Although Waymo made headlines for docking its autonomous taxis ahead of the election earlier this month, the Alphabet subsidiary, along with every other tech and mobility company testing self-driving cars in California, is only technically testing them. Now, according to The Verge, the U.S.’s most populous state will officially allow robot taxi providers to charge riders for their services.
The California Public Utilities Commission (CPUC) has been tweaking regulations for deploying autonomous vehicles for the last few years, and formally codified their findings on November 19. That resulted in the creation of two new programs: the Drivered Autonomous Vehicle Deployment Program and the Driverless Autonomous Vehicle Deployment Program, which, according to a CPUC press release, will “allow participants to offer passenger service, shared rides, and accept monetary compensation for rides in autonomous vehicles.”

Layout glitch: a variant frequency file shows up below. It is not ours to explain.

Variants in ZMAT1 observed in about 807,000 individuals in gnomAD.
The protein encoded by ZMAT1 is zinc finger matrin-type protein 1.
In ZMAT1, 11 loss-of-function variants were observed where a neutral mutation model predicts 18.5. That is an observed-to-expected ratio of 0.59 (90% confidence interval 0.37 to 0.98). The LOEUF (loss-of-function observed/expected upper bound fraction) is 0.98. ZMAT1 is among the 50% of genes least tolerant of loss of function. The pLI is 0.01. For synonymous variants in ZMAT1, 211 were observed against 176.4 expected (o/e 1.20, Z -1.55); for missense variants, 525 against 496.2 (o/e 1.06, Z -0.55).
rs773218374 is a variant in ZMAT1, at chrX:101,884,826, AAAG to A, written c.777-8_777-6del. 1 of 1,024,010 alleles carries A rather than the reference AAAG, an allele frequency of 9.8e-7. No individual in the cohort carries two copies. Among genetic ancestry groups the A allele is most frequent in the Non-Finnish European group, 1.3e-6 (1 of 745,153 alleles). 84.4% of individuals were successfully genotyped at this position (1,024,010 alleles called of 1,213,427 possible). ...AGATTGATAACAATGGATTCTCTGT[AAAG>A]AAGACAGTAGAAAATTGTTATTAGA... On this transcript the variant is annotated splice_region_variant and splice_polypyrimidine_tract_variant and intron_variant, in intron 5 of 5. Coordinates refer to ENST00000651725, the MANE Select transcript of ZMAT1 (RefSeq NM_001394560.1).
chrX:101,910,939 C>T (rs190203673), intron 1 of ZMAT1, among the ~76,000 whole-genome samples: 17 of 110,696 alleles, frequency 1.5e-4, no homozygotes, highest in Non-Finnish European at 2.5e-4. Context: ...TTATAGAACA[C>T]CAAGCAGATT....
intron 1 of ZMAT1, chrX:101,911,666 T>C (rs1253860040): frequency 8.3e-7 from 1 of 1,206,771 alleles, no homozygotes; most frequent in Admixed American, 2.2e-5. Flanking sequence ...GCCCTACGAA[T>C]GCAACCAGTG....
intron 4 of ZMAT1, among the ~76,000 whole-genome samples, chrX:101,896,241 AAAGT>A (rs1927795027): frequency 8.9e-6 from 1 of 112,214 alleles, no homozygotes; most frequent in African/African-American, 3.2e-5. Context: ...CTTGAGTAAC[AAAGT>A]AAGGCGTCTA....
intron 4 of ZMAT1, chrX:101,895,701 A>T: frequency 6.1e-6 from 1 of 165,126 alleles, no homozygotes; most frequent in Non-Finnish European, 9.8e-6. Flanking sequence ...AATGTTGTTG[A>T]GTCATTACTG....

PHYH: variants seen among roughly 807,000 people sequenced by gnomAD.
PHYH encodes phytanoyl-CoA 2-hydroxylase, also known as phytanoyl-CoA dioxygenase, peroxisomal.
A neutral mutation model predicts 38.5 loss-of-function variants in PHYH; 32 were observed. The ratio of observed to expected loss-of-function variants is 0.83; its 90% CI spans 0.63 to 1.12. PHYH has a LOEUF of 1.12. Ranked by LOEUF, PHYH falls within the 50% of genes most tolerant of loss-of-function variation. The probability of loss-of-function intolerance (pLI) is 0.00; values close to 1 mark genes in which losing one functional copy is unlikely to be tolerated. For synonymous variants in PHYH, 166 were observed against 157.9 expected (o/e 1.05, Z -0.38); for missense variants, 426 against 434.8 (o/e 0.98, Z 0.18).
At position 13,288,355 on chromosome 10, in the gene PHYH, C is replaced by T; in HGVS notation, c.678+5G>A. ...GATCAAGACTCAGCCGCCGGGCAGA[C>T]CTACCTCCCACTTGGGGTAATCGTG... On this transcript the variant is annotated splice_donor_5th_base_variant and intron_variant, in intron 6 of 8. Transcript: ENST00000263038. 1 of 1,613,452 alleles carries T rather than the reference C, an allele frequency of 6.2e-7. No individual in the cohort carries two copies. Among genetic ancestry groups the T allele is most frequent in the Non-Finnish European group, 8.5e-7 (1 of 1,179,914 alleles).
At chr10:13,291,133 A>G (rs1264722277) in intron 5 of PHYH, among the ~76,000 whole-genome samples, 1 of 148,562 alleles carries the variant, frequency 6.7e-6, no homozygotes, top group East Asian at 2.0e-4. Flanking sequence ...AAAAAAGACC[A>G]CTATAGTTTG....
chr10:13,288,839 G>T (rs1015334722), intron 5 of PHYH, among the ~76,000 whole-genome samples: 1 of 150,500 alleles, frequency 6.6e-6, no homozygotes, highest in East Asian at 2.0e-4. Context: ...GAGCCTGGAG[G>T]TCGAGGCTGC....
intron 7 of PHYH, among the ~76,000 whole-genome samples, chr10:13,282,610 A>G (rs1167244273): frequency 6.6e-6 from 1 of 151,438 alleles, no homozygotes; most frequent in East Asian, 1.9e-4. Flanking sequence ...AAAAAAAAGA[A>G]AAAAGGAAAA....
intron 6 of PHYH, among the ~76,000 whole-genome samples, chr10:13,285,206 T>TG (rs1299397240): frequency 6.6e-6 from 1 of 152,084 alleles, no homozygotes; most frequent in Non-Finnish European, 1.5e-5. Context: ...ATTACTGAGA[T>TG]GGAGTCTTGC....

Companies who receive permits to provide for-profit rides under the new programs will be required to both share data with the CPUC and create a Passenger Safety Plan that accounts for sight- and mobility-impaired riders. Permit holders (either with a Charter-Party Carrier Class P permit or a Class A charter party certificate) will also need to submit data and create quarterly reports (with aggregated, randomized data) documenting miles traveled, where users were picked up and dropped off, wheelchair access, coverage of typically underserved communities, and what type of fuel the permitted taxis were using.
That last point is especially important, noted The Verge, because California has banned the sale of new internal combustion vehicles beginning in 2035. By tracking fuel use and type, the state can effectively determine whether permitted companies are transitioning to electric vehicles on schedule.
Although there are 60 driverless car companies all roaming California as a testing grounds right now (which makes sense given where the companies that actually make this tech are headquartered), the approvals process for these new permits will take months and be evaluated on a case-by-case basis. So, don’t expect to see robot-driven taxis prowling your neighborhood just yet (at least not the ones asking for money to ride). Still, with COVID cases only going up, it makes sense that companies would want to rush to fill the demand for for-hire vehicles without drivers; see Waymo rolling out just such a service in Arizona last month.